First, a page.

Paul Vnuk Jr of Recording - The magazine for recording musicians published an enlightening review of the LCT 550 condenser microphone.
Summary: "I used the LCT 550 on lead and backing vocals, acoustic guitars, conga, cajon, tambourine, shaker, front of drum kit, and as a room mic.
In my LCT 640 review, I landed on the word "pleasant"; with the LCT 640 and now with the LCT 550, it means that this mic is voiced quite honestly and naturally, but with a very gently rounded, beautiful top end and zero stridency. It's a mic that is well voiced for use on the abovementioned sources in a pop/rock context, but even more so, like its big brother, it excels on classical and jazz sources, especially strings.
[...] I used the LCT 550 on two cello sessions and one violin tracking session, and in each instance I found it to be a truly "what you hear is what you get" style of mic. Its slightly forward yet rounded top end does well to highlight the strings without harshness or squonk, and the slight low end bump keeps the body response gently full.
While you might think that its low noise floor first and foremost helps you get up close and intimate on quiet sources, that's not all this nearly-silent mic buys you. It also allows you, when in a good quiet room, to get some distance on quiet sources, achieving a touch more openness and depth without losing the source.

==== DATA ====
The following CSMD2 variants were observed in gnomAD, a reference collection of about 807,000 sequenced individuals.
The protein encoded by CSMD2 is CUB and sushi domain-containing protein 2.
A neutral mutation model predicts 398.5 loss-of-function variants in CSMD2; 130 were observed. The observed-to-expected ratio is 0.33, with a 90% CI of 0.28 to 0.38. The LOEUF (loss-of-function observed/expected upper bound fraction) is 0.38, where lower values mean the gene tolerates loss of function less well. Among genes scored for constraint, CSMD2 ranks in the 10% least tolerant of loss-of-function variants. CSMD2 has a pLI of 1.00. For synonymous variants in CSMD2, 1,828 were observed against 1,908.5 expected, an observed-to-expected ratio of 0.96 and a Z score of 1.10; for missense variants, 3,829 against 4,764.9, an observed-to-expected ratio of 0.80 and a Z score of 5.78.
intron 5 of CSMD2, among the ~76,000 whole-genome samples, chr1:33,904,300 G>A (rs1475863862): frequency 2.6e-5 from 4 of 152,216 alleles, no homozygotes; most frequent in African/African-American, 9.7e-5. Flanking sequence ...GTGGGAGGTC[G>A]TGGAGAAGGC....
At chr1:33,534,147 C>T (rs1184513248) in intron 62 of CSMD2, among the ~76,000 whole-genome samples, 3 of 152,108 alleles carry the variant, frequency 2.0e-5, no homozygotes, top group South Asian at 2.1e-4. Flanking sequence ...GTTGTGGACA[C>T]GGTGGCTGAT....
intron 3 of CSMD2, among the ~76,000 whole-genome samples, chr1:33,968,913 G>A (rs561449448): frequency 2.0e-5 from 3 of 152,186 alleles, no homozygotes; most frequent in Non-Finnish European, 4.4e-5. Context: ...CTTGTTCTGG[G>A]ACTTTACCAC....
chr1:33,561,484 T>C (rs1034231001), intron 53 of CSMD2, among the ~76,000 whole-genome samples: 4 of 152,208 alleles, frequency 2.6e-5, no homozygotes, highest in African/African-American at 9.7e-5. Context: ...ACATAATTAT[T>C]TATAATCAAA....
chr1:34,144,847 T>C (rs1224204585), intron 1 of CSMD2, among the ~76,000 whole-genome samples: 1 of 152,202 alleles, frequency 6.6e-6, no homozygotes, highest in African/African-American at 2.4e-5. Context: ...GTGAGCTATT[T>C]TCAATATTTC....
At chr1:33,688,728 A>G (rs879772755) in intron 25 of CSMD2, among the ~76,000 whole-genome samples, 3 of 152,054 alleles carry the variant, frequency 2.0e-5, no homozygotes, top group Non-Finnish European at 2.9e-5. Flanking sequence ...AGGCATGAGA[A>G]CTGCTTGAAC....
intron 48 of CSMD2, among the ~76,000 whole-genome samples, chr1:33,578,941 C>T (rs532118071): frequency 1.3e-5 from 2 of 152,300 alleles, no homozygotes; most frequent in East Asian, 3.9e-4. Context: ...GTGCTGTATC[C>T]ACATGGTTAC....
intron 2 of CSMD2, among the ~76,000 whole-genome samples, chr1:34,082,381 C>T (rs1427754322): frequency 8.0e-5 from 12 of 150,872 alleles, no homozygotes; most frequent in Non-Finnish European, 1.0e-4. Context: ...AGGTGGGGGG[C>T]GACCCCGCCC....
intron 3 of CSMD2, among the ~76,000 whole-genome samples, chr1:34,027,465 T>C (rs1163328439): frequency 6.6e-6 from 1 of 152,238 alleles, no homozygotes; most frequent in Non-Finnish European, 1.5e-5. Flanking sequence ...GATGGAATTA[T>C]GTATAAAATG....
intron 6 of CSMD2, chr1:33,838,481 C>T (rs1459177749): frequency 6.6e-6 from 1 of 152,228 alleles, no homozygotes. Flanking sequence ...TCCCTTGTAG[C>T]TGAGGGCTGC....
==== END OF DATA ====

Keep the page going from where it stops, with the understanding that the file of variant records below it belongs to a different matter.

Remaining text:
Lastly, as I was wrapping up this review, just this morning I used the mic to record a 60-voice children's Christmas choir with great success. Once again, the LCT 550 gave me a sound that was clean, clear, and pleasant.
I think that the LCT 550 [...] could easily serve well as a one and only workhorse mic, especially if you have any desire to record acoustic instruments such as strings and acoustic guitar. If you don't need the multiple patterns of the LCT 640 and you want to know what it's like to work with a mic that defines the phrase "wicked silent", you owe it to yourself to check out the LCT 550..."